Computer simulations could shed new light on so-called shoot-to-kill deaths an inquest heard on Friday.
Coroner John Leckey is seeking a reconstruction of the killing of two suspected republicans by police near Armagh almost 30 years ago.
The coroner also wants a virtual recreation of the fatal shooting of a teenager at a hay shed in 1982.
He told the Belfast inquest pre-hearing he had contacted firearms expert Dr Graham Renshaw about the matter.
"Dr Renshaw would like to hear from those at first-hand and also from the members of the security forces," he said.
Mr Leckey plans inquests into the deaths of teenager Michael Tighe, shot dead by the Royal Ulster Constabulary (RUC) at a hay shed near Craigavon, County Armagh, in November 1982, where rifles were stored, and suspected INLA men Roddy Carroll and Seamus Grew, shot dead near Armagh in December 1982.
The government has always denied any "shoot-to-kill" policy existed and has resisted calls from families to look again at what happened.
Sir John Stalker, former deputy chief constable of Greater Manchester Police, was brought in to investigate. He was later replaced by Colin Sampson, chief constable of West Yorkshire Police.
Friday's inquest heard from a barrister for those killed that Martin McCauley, who was shot and injured at the time of the death of Mr Tighe, was willing to co-operate with the hearing.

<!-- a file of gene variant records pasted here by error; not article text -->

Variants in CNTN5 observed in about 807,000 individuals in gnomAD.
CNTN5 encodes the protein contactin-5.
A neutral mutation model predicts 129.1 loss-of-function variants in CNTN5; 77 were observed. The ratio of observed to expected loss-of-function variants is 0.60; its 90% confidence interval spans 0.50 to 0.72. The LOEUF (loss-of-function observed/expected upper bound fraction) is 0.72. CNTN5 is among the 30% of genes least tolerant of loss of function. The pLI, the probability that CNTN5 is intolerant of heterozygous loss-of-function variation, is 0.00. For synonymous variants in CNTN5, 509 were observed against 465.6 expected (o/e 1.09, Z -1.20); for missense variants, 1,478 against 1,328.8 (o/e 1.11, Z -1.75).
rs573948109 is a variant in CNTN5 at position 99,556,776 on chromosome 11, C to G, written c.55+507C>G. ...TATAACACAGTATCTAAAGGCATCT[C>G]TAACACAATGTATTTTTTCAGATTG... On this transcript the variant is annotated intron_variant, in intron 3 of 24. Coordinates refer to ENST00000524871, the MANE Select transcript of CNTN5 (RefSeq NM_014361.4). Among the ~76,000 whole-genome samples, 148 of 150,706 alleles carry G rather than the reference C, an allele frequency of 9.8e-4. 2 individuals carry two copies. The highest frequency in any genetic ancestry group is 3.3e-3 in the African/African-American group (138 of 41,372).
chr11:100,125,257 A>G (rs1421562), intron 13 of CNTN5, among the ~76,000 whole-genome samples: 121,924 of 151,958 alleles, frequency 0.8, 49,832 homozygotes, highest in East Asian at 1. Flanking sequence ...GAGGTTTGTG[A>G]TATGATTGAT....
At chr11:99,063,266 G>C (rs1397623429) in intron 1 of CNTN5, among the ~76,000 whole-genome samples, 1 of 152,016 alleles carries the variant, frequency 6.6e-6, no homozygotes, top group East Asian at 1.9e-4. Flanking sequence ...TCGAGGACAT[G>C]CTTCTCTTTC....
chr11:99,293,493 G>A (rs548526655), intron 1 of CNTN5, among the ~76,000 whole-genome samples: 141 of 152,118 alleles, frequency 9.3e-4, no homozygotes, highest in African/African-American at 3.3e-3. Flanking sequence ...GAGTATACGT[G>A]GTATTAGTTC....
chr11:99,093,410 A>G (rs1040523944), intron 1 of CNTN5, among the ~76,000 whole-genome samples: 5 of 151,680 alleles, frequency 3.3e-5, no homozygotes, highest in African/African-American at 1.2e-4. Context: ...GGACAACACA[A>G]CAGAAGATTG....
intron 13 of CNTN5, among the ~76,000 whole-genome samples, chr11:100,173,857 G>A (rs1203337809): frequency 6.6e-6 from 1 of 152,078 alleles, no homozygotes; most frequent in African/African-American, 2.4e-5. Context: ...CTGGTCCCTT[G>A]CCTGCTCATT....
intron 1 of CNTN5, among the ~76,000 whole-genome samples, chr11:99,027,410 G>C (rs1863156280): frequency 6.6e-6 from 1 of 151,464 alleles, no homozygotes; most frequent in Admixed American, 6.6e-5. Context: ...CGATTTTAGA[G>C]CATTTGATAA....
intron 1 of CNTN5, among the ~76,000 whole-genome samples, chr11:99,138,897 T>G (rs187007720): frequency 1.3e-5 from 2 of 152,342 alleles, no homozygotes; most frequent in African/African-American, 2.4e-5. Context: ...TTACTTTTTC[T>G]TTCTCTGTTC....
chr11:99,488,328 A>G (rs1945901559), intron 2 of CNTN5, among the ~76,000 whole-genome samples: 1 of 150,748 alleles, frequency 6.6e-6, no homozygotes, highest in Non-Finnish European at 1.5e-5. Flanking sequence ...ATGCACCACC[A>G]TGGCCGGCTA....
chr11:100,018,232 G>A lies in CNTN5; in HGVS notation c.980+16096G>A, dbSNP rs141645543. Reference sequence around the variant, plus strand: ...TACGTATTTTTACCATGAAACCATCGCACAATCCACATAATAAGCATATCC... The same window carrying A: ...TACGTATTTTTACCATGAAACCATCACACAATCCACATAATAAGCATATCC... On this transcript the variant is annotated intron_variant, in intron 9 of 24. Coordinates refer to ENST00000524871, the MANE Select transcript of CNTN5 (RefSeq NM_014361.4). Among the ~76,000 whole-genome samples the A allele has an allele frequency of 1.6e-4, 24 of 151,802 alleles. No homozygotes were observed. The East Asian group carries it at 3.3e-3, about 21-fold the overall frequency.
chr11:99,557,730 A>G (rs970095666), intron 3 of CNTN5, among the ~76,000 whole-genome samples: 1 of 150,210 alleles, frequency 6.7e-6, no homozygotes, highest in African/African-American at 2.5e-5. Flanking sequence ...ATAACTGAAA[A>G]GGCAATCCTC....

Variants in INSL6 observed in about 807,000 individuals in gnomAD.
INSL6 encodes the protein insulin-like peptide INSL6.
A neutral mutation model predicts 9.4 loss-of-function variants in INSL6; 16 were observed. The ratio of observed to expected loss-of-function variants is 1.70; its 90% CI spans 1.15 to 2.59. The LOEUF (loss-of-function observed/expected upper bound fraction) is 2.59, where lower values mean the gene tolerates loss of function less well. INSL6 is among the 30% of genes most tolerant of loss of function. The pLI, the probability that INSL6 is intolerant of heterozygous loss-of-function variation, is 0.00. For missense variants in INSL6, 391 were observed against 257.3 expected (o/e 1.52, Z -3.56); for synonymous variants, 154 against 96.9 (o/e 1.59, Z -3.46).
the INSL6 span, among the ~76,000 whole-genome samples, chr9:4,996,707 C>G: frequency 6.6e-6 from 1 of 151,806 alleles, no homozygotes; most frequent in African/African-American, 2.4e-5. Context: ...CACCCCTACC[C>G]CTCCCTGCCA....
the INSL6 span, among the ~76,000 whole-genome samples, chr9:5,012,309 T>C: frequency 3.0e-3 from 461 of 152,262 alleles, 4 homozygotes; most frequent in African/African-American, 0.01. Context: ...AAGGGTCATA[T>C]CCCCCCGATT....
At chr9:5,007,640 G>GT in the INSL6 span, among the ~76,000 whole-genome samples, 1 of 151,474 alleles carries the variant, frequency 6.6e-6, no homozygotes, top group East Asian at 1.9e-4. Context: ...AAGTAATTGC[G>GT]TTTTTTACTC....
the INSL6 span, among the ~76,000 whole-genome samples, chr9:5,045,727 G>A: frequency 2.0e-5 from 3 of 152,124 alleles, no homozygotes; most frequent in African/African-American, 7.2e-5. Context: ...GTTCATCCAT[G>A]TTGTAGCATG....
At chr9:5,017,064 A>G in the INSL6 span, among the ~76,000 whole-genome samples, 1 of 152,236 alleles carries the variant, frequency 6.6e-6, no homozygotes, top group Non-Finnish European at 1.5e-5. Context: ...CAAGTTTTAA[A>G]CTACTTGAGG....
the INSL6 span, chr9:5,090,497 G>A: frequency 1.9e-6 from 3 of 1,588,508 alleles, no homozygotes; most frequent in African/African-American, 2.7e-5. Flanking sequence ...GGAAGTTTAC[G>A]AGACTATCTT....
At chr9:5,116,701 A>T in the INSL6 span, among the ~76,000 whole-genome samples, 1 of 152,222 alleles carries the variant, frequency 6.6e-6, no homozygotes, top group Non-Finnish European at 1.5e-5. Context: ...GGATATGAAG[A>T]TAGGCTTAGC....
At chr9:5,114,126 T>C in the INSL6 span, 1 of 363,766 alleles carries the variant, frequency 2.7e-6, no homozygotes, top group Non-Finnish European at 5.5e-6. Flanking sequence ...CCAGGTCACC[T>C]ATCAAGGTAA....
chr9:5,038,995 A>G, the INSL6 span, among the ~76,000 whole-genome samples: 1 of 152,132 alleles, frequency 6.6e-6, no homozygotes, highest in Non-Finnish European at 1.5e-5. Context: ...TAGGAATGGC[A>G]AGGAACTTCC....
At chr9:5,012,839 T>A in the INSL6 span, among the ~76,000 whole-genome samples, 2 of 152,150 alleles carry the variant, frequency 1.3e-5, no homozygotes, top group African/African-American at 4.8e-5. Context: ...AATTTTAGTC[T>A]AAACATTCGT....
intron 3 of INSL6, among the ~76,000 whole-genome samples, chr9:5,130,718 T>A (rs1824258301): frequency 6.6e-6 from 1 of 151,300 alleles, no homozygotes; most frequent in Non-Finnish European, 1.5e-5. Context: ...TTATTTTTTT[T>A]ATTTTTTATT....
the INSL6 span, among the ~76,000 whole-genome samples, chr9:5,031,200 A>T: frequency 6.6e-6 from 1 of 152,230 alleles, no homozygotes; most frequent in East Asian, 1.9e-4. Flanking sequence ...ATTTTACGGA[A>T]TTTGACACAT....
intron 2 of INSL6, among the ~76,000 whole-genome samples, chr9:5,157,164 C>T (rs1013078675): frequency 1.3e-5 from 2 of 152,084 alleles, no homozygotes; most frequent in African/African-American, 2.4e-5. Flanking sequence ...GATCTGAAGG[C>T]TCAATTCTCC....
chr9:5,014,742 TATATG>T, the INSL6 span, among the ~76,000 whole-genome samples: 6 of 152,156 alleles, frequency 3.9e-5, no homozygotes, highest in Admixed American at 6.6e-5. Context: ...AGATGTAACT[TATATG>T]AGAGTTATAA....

The permission of the owner of the hay shed is also to be sought and Dr Renshaw will need to examine all documents, photographs and maps.
Mr Leckey is also probing the deaths of Sergeant John Quinn and Constables Alan McCloy and Paul Hamilton.
The three RUC officers were killed by an IRA bomb which exploded beneath their armoured police car.
They were investigating a report of a robbery in Lurgan near Belfast when the bomb exploded.
Mr Leckey said Attorney General John Larkin QC decided this month to order a fresh inquest.
The coroner added the original hearings in 1983 were deficient by modern standards.
"No criticism of the coroner is intended as he was governed by jurisprudence and procedures that were very different to those applying today," he said.
"The coroner had not been fully appraised of all the relevant evidence pertaining to the tragic circumstances in which the three police officers lost their lives."
Counsel for the families have not been paid because of a wrangle with the Legal Services Commission.
Barrister Karen Quinlivan said: "It is not reasonable, I have to say, that coronial hearings should go ahead where the next of kin don't have proper representation."
Mr Leckey has raised the matter with the commission. He said he thought six weeks' notice given of Friday's hearing would have allowed time for fees to be resolved.
"These incidents are so well-known that the Legal Services Commission, you would like to think, has a good grasp of the sort of issues that are involved," the coroner added.